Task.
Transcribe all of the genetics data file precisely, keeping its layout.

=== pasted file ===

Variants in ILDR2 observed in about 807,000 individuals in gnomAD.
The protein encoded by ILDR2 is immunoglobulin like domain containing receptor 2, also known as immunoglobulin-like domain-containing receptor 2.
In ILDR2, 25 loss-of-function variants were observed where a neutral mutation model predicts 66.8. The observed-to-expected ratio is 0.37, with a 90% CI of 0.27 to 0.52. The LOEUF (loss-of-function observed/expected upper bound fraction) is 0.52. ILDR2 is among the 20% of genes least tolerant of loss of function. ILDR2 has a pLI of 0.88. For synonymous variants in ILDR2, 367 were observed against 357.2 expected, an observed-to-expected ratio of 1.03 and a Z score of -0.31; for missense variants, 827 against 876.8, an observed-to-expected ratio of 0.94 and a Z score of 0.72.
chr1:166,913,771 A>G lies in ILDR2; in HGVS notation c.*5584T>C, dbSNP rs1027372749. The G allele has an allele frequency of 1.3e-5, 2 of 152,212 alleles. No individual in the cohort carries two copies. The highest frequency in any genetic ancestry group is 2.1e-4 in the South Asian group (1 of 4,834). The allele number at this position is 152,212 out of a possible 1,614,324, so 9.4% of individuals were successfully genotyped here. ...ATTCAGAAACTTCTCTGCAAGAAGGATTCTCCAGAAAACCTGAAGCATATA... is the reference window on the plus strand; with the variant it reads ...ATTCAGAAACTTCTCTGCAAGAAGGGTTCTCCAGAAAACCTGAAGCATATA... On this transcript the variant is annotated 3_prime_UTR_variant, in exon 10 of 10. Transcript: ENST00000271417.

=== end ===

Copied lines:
Variants in ILDR2 observed in about 807,000 individuals in gnomAD.
The protein encoded by ILDR2 is immunoglobulin like domain containing receptor 2, also known as immunoglobulin-like domain-containing receptor 2.
In ILDR2, 25 loss-of-function variants were observed where a neutral mutation model predicts 66.8. The observed-to-expected ratio is 0.37, with a 90% CI of 0.27 to 0.52. The LOEUF (loss-of-function observed/expected upper bound fraction) is 0.52. ILDR2 is among the 20% of genes least tolerant of loss of function. ILDR2 has a pLI of 0.88. For synonymous variants in ILDR2, 367 were observed against 357.2 expected, an observed-to-expected ratio of 1.03 and a Z score of -0.31; for missense variants, 827 against 876.8, an observed-to-expected ratio of 0.94 and a Z score of 0.72.
chr1:166,913,771 A>G lies in ILDR2; in HGVS notation c.*5584T>C, dbSNP rs1027372749. The G allele has an allele frequency of 1.3e-5, 2 of 152,212 alleles. No individual in the cohort carries two copies. The highest frequency in any genetic ancestry group is 2.1e-4 in the South Asian group (1 of 4,834). The allele number at this position is 152,212 out of a possible 1,614,324, so 9.4% of individuals were successfully genotyped here. ...ATTCAGAAACTTCTCTGCAAGAAGGATTCTCCAGAAAACCTGAAGCATATA... is the reference window on the plus strand; with the variant it reads ...ATTCAGAAACTTCTCTGCAAGAAGGGTTCTCCAGAAAACCTGAAGCATATA... On this transcript the variant is annotated 3_prime_UTR_variant, in exon 10 of 10. Transcript: ENST00000271417.